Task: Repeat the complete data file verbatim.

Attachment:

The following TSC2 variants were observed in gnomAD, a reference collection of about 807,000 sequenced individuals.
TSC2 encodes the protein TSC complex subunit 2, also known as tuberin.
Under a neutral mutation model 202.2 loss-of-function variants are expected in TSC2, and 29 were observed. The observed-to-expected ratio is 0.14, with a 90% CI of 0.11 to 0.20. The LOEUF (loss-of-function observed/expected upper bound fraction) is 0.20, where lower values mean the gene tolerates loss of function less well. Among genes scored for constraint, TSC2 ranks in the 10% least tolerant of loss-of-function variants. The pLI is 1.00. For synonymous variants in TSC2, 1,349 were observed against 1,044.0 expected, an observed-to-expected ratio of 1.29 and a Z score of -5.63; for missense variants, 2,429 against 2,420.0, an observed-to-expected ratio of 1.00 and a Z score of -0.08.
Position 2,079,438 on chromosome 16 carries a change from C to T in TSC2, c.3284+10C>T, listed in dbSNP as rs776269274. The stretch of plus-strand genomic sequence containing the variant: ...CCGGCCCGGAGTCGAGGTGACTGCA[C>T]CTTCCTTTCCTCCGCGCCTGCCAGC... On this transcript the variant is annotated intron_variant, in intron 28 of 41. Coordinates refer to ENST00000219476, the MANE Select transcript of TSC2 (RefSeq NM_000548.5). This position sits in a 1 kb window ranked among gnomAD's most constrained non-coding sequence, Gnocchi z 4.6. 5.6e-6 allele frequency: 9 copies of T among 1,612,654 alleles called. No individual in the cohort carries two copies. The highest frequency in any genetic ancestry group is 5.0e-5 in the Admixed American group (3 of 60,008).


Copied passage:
The following TSC2 variants were observed in gnomAD, a reference collection of about 807,000 sequenced individuals.
TSC2 encodes the protein TSC complex subunit 2, also known as tuberin.
Under a neutral mutation model 202.2 loss-of-function variants are expected in TSC2, and 29 were observed. The observed-to-expected ratio is 0.14, with a 90% CI of 0.11 to 0.20. The LOEUF (loss-of-function observed/expected upper bound fraction) is 0.20, where lower values mean the gene tolerates loss of function less well. Among genes scored for constraint, TSC2 ranks in the 10% least tolerant of loss-of-function variants. The pLI is 1.00. For synonymous variants in TSC2, 1,349 were observed against 1,044.0 expected, an observed-to-expected ratio of 1.29 and a Z score of -5.63; for missense variants, 2,429 against 2,420.0, an observed-to-expected ratio of 1.00 and a Z score of -0.08.
Position 2,079,438 on chromosome 16 carries a change from C to T in TSC2, c.3284+10C>T, listed in dbSNP as rs776269274. The stretch of plus-strand genomic sequence containing the variant: ...CCGGCCCGGAGTCGAGGTGACTGCA[C>T]CTTCCTTTCCTCCGCGCCTGCCAGC... On this transcript the variant is annotated intron_variant, in intron 28 of 41. Coordinates refer to ENST00000219476, the MANE Select transcript of TSC2 (RefSeq NM_000548.5). This position sits in a 1 kb window ranked among gnomAD's most constrained non-coding sequence, Gnocchi z 4.6. 5.6e-6 allele frequency: 9 copies of T among 1,612,654 alleles called. No individual in the cohort carries two copies. The highest frequency in any genetic ancestry group is 5.0e-5 in the Admixed American group (3 of 60,008).